CultureWatch

Bill Muehlenberg's commentary on issues of the day...

Prayerless Christians

Jun 3, 2020

We all need to pray more – I sure do:

Just in case you are thinking: ‘Here goes Bill again, bashing other believers’ – not so. If anything, I am bashing myself here, while trying to encourage others. I have not prayed anywhere near as much as I should have, and it has not been the priority in my life that it should be. So I am preaching to myself as much as to anyone else.

And sadly, it is true that far too many believers are not praying Christians. The evidence is all around us, including anecdotal evidence. Attend any early morning prayer meetings – if you can still find one. Most are sparsely attended, with a handful of elderly folks involved.

Many churches – at least in America – used to have midweek prayer services. There are few of those around nowadays it seems. And just this past week I was involved in a prayer and repentance day which was live-streamed. It was put on by an English Christian group. I was told afterward that several thousand folks tuned in. England has a population of 56 million.

But perhaps one line of evidence that is most telling of all is this: the majority of Americans still claim to be Christian. That is close to being the case in Australia as well. But if there are so many Christians, why are our nations such cesspools? Why is there so little evidence of God anywhere? Why does evil, sin and sensuality prevail everywhere?

Could it be that most Christians simply are not praying? Or not praying enough? That must be part of the explanation. One can only guess here, but I would not be surprised at all if the average Australian Christian spent perhaps 4-5 hours a day on various forms of entertainment, while spending perhaps a minute or two a day in prayer.

If that figure is even remotely accurate, then no wonder we are in such a bad way. A prayerless people will have zero impact on the surrounding culture. A prayerless church will not be making much of a difference in a dark and needy world. So we all need to lift our game here.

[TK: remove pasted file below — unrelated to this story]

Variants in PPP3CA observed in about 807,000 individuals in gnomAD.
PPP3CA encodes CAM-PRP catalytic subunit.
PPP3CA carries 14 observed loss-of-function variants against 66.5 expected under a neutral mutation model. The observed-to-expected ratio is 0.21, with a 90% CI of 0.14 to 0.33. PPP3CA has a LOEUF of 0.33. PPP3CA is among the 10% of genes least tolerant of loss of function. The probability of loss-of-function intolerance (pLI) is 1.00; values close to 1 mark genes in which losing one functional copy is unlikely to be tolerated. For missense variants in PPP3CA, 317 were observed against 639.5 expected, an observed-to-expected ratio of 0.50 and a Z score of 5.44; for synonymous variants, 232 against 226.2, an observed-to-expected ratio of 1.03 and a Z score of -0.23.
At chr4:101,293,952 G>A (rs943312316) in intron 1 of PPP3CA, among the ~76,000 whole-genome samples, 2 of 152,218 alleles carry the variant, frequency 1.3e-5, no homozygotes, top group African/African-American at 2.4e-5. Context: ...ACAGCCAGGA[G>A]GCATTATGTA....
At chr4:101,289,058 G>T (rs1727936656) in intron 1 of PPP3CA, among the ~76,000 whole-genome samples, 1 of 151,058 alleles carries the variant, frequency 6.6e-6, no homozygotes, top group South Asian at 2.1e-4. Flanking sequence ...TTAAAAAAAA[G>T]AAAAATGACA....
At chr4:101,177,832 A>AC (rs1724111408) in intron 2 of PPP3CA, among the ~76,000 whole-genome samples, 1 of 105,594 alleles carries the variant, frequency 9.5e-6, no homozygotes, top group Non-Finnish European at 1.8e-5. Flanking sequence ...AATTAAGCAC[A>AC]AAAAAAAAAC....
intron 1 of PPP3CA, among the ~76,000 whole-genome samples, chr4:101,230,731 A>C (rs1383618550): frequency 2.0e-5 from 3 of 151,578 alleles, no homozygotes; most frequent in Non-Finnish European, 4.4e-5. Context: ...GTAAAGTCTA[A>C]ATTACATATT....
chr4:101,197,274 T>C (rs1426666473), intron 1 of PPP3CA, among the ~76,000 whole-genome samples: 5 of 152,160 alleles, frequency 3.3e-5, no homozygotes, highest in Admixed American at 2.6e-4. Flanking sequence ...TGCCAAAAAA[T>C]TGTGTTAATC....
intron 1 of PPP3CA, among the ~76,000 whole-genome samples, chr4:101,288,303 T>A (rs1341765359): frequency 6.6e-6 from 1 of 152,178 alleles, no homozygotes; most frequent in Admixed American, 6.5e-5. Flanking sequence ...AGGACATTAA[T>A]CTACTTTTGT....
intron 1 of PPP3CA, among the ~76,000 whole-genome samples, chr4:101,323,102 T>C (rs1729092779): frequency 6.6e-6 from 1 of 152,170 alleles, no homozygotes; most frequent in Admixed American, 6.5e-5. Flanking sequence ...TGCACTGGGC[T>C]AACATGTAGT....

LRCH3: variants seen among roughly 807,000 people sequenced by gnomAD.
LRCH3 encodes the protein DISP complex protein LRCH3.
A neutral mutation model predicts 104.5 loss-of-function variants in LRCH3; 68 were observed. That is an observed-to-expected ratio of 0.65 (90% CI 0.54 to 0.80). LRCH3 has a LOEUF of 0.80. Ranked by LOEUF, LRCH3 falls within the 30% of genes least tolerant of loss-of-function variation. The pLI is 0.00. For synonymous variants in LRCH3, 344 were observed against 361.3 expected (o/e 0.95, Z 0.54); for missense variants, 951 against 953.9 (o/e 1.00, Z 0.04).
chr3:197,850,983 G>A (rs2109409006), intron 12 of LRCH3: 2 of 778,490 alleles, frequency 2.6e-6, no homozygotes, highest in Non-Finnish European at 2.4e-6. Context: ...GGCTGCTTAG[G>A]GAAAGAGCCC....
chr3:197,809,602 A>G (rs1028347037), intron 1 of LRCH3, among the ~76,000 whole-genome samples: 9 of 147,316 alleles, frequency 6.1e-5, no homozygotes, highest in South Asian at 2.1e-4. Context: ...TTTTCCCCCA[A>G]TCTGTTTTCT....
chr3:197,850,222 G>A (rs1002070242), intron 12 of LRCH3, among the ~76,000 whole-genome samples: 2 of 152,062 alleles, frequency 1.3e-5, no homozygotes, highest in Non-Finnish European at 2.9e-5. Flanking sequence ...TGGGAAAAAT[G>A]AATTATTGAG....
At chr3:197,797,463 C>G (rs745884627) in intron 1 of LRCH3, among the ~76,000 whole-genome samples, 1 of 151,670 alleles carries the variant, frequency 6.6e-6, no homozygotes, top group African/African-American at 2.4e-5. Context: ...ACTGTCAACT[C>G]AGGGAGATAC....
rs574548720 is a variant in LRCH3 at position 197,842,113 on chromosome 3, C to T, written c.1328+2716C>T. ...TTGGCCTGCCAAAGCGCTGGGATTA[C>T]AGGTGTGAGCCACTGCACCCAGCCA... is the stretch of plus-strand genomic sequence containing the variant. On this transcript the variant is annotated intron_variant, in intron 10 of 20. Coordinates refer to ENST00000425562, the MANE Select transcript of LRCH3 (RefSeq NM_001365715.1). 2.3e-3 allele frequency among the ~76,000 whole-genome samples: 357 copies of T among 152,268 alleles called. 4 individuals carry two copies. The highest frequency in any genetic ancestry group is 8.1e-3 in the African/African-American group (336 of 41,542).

Sure, there is a difference between a calling to prayer and the normal Christian life. Some believers have a special ministry in prayer, spiritual warfare, and intercession. But all Christians can pray – and pray more. I am mainly called to blog, to lobby, to write, to deal with public policy battles, to engage in culture wars, to teach, etc. But I can pray more as well.

So praise God for the dedicated prayer warriors and intercessors. We sure do need them, especially at times like this – especially with all the cities on fire in America right now. Those with such a special prayer focus are the real champions of our day – much more than someone like myself.

But for what it is worth, let me tell you a bit about my own prayer habits – as meagre as they are. I must first say that we are all different. There are no cookie-cutter Christians out there, and there is no one-size-fits-all form of prayer. What I do may be interesting or helpful to others. If not, stick with, or devise, your own prayer life.

The key is of course to pray daily, be it in the morning, the evening, or throughout the day. I have two brief times of prayer. In the morning I will read the Word, and then try to go for a walk to pray for my day. I prefer walking about as I pray, and not sitting still. It also allows me to get a bit of exercise.